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Author Topic: Bitcoin connections connecting from weird ports?  (Read 765 times)
Chick
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July 20, 2011, 12:18:36 AM
 #1

I looked in /var/log/syslog and found these IPTable lines.

Code:
iptables denied: IN=eth0 OUT= MAC=XXX SRC=XXX DST=XXX LEN=393 TOS=0x00 PREC=0x00 TTL=41 ID=29239 PROTO=ICMP TYPE=3 CODE=1 [SRC=173.255.204.204 DST=84.137.1.104 LEN=365 TOS=0x00 PREC=0x00 TTL=48 ID=49502 DF PROTO=TCP SPT=8333 DPT=51347 WINDOW=792 RES=0x00 ACK PSH URGP=0 ]
iptables denied: IN=eth0 OUT= MAC=XXX SRC=XXX DST=XXX LEN=393 TOS=0x00 PREC=0x00 TTL=41 ID=29240 PROTO=ICMP TYPE=3 CODE=1 [SRC=173.255.204.204 DST=84.137.1.104 LEN=365 TOS=0x00 PREC=0x00 TTL=48 ID=49503 DF PROTO=TCP SPT=8333 DPT=51347 WINDOW=792 RES=0x00 ACK PSH URGP=0 ]
iptables denied: IN=eth0 OUT= MAC=XXX SRC=XXX DST=XXX LEN=40 TOS=0x00 PREC=0x00 TTL=98 ID=256 PROTO=TCP SPT=6000 DPT=1433 WINDOW=16384 RES=0x00 SYN URGP=0
iptables denied: IN=eth0 OUT= MAC=XXX SRC=XXX DST=XXX LEN=435 TOS=0x00 PREC=0x00 TTL=41 ID=0 DF PROTO=UDP SPT=5060 DPT=5060 LEN=415
iptables denied: IN=eth0 OUT= MAC=XXX SRC=XXX DST=XXX LEN=48 TOS=0x00 PREC=0x00 TTL=117 ID=22132 PROTO=TCP SPT=80 DPT=21921 WINDOW=16384 RES=0x00 ACK SYN URGP=0
iptables denied: IN=eth0 OUT= MAC=XXX SRC=XXX DST=XXX LEN=48 TOS=0x00 PREC=0x00 TTL=117 ID=23617 PROTO=TCP SPT=80 DPT=21921 WINDOW=16384 RES=0x00 ACK SYN URGP=0
iptables denied: IN=eth0 OUT= MAC=XXX SRC=XXX DST=XXX LEN=40 TOS=0x00 PREC=0x00 TTL=98 ID=256 PROTO=TCP SPT=6000 DPT=1433 WINDOW=16384 RES=0x00 SYN URGP=0

How could this be happening? These connections must have came from other Bitcoin nodes because this is an dedicated IP and bitcoind is the only thing running on the system. However, doesn't Bitcoin only use ports 8333 and 8332? Why are other nodes connecting to other ports on my system?

Here is my `bitcoin.conf`:

Code:
rpctimeout=30
rpcallowip=XXX
rpcallowip=XXX
rpcport=8332

# OpenSSL Settings
rpcssl=1
rpcsslciphers=TLSv1+HIGH:!SSLv2:!aNULL:!eNULL:!AH:!3DES:@STRENGTH
rpcsslcertificatechainfile=server.cert
rpcsslprivatekeyfile=server.pem

# Firewall

noupnp=1

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July 20, 2011, 12:55:08 AM
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The first two lines are ICMP "destination unreachable" messages, which are usually sent to you by a router to inform your computer that something you've sent out was unable to find the destination.  This is completely normal, and it's A Good Thing, part of how networking works. Smiley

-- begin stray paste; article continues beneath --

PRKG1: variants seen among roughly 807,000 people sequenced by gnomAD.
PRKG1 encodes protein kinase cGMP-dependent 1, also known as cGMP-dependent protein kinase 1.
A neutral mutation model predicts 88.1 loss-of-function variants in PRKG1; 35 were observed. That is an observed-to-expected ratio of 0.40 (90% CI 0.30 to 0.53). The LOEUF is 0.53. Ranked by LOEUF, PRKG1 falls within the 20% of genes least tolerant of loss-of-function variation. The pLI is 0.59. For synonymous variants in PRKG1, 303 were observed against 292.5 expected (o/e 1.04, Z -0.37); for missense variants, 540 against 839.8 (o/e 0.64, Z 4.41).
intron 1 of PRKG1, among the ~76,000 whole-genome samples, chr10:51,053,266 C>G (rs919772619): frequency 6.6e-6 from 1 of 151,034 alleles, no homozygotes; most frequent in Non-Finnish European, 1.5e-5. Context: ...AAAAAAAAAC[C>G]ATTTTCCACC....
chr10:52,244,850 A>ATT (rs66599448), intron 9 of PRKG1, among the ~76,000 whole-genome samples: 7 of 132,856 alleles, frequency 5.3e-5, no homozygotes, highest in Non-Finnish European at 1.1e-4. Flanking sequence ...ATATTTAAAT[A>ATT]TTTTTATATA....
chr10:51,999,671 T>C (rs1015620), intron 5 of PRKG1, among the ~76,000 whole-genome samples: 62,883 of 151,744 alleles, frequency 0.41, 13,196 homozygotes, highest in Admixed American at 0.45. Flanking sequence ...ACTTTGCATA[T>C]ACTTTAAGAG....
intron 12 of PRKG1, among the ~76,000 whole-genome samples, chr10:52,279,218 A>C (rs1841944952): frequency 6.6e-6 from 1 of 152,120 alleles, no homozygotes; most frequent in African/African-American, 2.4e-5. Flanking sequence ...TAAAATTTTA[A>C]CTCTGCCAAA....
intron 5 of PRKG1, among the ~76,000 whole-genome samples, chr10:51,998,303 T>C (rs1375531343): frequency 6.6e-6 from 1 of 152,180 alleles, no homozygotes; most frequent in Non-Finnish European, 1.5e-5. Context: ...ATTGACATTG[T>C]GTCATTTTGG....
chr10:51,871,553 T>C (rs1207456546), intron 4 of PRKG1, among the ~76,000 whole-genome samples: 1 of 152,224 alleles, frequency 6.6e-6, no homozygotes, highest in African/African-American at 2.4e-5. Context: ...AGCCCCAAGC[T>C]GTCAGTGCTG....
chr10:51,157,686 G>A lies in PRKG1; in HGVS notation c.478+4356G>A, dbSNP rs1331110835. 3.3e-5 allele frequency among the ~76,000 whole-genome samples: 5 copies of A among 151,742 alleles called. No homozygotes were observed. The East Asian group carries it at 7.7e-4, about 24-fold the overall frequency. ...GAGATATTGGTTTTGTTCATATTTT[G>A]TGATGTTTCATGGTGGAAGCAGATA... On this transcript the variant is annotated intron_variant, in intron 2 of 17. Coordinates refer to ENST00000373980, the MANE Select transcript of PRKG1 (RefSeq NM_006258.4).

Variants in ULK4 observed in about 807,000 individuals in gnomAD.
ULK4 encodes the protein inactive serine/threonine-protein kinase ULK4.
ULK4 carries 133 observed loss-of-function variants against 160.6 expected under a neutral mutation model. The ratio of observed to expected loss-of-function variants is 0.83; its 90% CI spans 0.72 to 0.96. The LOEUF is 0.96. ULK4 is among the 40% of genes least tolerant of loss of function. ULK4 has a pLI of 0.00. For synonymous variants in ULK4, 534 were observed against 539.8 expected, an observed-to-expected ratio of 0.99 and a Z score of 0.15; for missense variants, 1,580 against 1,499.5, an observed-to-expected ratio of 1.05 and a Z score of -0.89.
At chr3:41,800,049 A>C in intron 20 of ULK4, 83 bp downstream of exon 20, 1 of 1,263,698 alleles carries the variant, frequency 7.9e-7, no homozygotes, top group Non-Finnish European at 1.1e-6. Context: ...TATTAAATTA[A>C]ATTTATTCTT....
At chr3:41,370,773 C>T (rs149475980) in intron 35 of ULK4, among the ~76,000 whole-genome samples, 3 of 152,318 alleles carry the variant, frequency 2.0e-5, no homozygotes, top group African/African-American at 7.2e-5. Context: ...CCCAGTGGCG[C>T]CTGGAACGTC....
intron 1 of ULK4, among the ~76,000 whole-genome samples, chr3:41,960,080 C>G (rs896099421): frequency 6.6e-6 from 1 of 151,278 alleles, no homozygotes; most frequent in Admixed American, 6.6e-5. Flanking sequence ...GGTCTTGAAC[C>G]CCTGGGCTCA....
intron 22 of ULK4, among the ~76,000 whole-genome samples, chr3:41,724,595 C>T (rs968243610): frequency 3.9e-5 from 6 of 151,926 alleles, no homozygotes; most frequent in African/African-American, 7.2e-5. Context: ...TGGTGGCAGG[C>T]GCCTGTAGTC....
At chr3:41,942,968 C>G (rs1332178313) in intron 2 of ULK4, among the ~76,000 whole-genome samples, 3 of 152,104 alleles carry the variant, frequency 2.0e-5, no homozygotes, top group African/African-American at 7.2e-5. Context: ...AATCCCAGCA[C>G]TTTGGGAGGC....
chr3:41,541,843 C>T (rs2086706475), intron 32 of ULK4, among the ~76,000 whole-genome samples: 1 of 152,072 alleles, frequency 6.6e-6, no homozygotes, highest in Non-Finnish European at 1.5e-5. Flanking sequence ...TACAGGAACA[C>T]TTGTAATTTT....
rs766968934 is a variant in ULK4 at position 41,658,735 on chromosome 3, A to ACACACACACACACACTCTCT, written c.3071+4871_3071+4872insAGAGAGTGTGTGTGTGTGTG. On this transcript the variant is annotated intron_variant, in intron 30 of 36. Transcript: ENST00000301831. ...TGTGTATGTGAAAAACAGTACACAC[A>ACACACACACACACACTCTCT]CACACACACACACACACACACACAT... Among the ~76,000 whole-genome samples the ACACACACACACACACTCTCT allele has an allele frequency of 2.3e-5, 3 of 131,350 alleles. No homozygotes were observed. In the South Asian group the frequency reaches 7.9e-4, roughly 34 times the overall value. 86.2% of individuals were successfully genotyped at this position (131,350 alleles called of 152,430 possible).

You should probably allow ICMP destination unreachable messages through (research iptables limits to throttle them to something like 10 / minute), else you'll find that some internet applications (web browsers, etc) will just stall for long stints of time while waiting for a reply to some outbound request to certain things

The third and last lines are to TCP port 1433 which, IIRC (I feel confident) belongs to Microsoft SQL Server.  This would likely be hackers/script kiddies/etc on your network or on the internet attempting to scan your computer to see if you have Microsoft SQL Server running so that they can try to brute force a password or exploit some vulnerability to take over your system.  This is completely normal - any computer connected to the internet will have people trying to connect to random ports.

Actually, every failed connection attempt in that log (sans the two ICMP type 3 packets) probably falls into the latter case.  It doesn't matter what services you run; as long as your computer is connected to the internet, you will be receiving connection attempts to just about every common service port in existence, perhaps even thousands a day (as is the case with one of my servers)

That is why iptables implements state management, etc.  Smiley  My suggestion for you is to use DROP instead of REJECT when building your ruleset
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July 20, 2011, 01:36:27 AM
 #3

The first two lines are ICMP "destination unreachable" messages, which are usually sent to you by a router to inform your computer that something you've sent out was unable to find the destination.  This is completely normal, and it's A Good Thing, part of how networking works. Smiley

You should probably allow ICMP destination unreachable messages through (research iptables limits to throttle them to something like 10 / minute), else you'll find that some internet applications (web browsers, etc) will just stall for long stints of time while waiting for a reply to some outbound request to certain things

The third and last lines are to TCP port 1433 which, IIRC (I feel confident) belongs to Microsoft SQL Server.  This would likely be hackers/script kiddies/etc on your network or on the internet attempting to scan your computer to see if you have Microsoft SQL Server running so that they can try to brute force a password or exploit some vulnerability to take over your system.  This is completely normal - any computer connected to the internet will have people trying to connect to random ports.

Actually, every failed connection attempt in that log (sans the two ICMP type 3 packets) probably falls into the latter case.  It doesn't matter what services you run; as long as your computer is connected to the internet, you will be receiving connection attempts to just about every common service port in existence, perhaps even thousands a day (as is the case with one of my servers)

That is why iptables implements state management, etc.  Smiley  My suggestion for you is to use DROP instead of REJECT when building your ruleset

Thanks for the helpful information!

I have INPUT dropped, OUTPUT allowed, and FORWARD rejected.

If I enable UPnP, will Bitcoin use other ports as well?

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